By Eric Dinerstein, author of The Kingdom of Rarities
What if the organisms that populate the natural world—from whales to weevils—were classified not by their evolutionary relationships but by their relative degree of rarity? Imagine a way of looking at the world where we divide the ark into representatives of two kingdoms: the Kingdom of Common species and the Kingdom of Rarities. Which would require a bigger ark if we only took two of each species?
Surprising facts about rare species:
1. Rare isn’t rare. Most people don’t realize that many, many species on Earth are rare. By rare, we mean having a narrow range, low population density, or both.
Ecologist Kevin Gaston estimated that perhaps 90-95% of all individual organisms on Earth represent no more than 20-25% of all species. That means that up to 75% of all species on Earth are rare in one form or another. Among the two forms of rarity, most take the former condition: species with narrow ranges.
2. Rare hotspots abound. There are about 600 places in the world that contain one or more species who call that spot the only place on Earth they can be found. Some are as large as the Javan rhinoceros or as small as 13 species of tiny frogs in the same genus that live on top of a single mountain in Haiti. Many of these single-site species have cool names, like the Bloody Bay Poison frog.
The group that has spearheaded the conservation of these single site rarities is the Alliance for Zero Extinction, which includes many major conservation groups as members.
3. Goats are enemies. Goats are a scourge when it comes to conserving rarities, especially when it comes to goats on islands, where these introduced herbivores mow down the vegetation and cause the extinction of rare plants.
Except, at least, in the island of Eleuthera in the Bahamas, where goats are a force for good in creating more wintering habitat for the rarest breeding songbird in North America, the Kirtland’s warbler. The goats prefer the shrubs that compete with the fruiting-shrubs that form a large part of the winter diet of the warbler. By eating out the shrubs the Kirtland’s avoid, the goats leave more space for the plants whose fruits the birds like to eat. The Kirtland’s warbler may also be the only species with a college named after it: Kirtland’s Community College near Grayling, Michigan.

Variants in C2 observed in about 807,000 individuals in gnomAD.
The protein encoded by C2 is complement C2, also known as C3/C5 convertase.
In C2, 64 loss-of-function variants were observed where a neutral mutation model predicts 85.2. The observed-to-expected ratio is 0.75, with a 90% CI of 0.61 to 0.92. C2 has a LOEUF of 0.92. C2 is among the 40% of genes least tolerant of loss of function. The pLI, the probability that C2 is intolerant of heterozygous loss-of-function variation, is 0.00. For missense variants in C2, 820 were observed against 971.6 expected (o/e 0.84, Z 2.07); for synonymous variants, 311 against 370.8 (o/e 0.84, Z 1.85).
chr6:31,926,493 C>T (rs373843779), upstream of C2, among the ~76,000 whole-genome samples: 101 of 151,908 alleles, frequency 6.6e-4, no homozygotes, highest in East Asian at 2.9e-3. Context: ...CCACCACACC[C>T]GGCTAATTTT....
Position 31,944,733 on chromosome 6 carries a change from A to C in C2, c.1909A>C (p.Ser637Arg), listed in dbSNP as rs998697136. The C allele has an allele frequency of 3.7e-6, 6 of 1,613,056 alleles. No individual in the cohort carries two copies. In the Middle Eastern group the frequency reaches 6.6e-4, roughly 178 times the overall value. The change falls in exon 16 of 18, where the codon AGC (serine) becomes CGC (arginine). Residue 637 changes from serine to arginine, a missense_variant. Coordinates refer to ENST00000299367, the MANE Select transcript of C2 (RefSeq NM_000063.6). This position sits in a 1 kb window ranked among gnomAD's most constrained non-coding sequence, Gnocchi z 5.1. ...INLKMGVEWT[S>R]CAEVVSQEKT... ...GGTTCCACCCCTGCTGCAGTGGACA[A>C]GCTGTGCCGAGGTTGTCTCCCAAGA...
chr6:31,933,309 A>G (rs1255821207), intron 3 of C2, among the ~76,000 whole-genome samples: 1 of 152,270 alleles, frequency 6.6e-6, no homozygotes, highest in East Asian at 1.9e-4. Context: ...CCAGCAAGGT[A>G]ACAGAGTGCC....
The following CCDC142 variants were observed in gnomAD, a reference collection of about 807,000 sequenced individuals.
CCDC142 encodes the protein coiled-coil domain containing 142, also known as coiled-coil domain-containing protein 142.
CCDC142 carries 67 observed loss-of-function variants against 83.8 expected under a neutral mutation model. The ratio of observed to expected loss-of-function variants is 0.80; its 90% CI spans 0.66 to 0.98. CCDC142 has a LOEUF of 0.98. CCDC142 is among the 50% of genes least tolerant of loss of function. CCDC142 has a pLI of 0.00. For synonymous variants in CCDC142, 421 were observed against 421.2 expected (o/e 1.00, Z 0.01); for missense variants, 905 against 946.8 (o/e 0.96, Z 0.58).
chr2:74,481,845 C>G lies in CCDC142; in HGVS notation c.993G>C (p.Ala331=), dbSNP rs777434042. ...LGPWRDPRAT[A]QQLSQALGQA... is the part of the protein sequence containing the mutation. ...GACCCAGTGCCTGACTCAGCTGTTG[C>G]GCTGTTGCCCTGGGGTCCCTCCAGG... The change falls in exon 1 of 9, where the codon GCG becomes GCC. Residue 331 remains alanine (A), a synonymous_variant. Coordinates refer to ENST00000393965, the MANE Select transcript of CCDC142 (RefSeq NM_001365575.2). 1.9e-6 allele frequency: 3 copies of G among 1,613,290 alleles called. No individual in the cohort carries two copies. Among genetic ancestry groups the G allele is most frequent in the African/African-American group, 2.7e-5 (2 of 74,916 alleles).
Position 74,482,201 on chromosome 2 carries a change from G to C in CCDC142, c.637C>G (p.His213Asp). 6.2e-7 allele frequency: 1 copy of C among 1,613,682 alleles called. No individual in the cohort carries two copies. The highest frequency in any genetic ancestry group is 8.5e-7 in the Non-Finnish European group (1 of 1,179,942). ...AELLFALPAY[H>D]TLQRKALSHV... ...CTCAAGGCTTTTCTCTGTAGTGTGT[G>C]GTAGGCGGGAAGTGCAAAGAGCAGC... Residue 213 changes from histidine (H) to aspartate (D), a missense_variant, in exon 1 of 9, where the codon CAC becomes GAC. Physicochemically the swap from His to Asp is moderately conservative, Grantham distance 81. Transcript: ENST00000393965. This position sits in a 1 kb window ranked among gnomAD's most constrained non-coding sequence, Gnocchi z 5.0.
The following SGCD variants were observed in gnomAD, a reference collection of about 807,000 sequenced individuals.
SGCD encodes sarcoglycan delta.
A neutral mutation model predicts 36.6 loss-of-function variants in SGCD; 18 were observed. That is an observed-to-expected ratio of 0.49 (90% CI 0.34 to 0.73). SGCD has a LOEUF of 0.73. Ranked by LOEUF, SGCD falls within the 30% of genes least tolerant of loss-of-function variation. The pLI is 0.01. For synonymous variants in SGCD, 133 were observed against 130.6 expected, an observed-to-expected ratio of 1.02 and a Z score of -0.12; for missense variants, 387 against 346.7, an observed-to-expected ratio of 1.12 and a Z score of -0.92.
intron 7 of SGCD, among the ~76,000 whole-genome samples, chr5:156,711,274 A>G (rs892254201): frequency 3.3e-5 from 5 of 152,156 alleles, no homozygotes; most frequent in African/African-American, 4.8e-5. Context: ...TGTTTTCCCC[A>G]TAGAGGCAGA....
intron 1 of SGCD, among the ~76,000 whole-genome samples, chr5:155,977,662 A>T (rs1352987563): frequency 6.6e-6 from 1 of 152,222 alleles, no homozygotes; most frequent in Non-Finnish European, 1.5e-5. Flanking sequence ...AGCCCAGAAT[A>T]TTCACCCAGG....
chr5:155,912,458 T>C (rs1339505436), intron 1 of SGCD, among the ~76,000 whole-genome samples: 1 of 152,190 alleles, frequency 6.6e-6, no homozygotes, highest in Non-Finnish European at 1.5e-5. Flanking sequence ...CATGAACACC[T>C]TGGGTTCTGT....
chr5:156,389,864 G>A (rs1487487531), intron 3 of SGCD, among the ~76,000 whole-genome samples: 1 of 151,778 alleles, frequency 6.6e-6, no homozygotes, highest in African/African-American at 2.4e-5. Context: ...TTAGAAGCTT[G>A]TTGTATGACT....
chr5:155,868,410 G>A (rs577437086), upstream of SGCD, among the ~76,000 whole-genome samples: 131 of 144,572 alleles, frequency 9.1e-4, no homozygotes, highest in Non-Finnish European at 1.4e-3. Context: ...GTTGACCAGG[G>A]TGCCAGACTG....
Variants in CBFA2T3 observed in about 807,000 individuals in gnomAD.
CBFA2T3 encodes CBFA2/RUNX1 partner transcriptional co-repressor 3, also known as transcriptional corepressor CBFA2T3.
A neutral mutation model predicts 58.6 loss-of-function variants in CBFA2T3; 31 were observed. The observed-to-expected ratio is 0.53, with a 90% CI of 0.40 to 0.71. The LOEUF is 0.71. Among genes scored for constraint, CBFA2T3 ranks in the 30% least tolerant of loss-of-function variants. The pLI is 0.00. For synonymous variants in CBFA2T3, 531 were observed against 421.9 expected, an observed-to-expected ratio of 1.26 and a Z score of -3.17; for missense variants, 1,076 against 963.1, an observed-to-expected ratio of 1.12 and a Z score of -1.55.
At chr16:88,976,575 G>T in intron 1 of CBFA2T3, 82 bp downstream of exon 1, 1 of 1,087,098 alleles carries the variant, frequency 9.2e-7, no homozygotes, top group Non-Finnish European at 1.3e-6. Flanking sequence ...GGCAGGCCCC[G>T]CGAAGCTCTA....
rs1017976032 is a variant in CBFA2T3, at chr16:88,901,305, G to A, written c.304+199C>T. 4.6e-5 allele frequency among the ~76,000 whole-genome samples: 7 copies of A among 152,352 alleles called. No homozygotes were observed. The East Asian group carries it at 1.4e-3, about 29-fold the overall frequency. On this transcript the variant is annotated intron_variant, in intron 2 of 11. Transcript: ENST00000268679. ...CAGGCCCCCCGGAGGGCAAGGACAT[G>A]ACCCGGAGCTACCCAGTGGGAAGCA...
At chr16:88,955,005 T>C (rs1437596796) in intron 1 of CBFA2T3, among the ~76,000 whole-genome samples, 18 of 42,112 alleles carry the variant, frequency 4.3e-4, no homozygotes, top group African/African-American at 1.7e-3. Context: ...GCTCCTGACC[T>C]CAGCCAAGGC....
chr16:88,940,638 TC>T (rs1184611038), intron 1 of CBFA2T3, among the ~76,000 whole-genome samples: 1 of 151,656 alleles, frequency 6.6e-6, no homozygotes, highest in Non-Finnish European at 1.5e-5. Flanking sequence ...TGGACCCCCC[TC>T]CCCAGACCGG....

4. Hawaii hosts a bonanza. The Hawaiian archipelago is America’s Galápagos that hosts more creatures—a group of birds called the honeycreepers, fruit flies, and many kinds of plants like the silverswords—that rival or surpass what Darwin found on the Galápagos. Had The Beagle landed in Hawaii instead of the Galápagos, we would likely be celebrating Hawaii as the cradle of evolutionary thinking.
5. Giant poo. One of the rarest of large mammals, the greater one-horned rhinoceros of Nepal and India, produces up to 24 kilograms in a single defecation. I know, because I weighed it.
Rhinos are a good example of species that were once more common in the past few centuries and made rare by humans hunting them. But the southern white rhino, now threatened by poachers again, is perhaps the greatest success story for conservation: numbering no more than 60 individuals and limited to a single reserve around 1900, the current estimate is above 20,000 and now spread among more than 450 populations. (See photos of “rhino wars.”)
So if we can recover even one of the largest, slowest breeding vertebrates in nature, we can recover many rarities threatened with extinction.
There are many insights into how the natural world works that we can only glean by studying its rarities. The challenge is that it is often much harder for scientists to study rare species than to study common ones. But if we are to save some semblance of our natural world for future generations, the roster of rarities plays an important role that I hope my book helps to illuminate.
In The Kingdom of Rarities, scientist Eric Dinerstein poses an intriguing question: What if the way we categorized the living world was reshuffled for a moment, from a system designed to inform us about evolutionary relationships among species to one with two camps based on abundance: the Kingdom of Common species and the Kingdom of Rarities? What new observations and connections would emerge? Eric Dinerstein is Lead Scientist and Vice President of Conservation Science at World Wildlife Fund-US.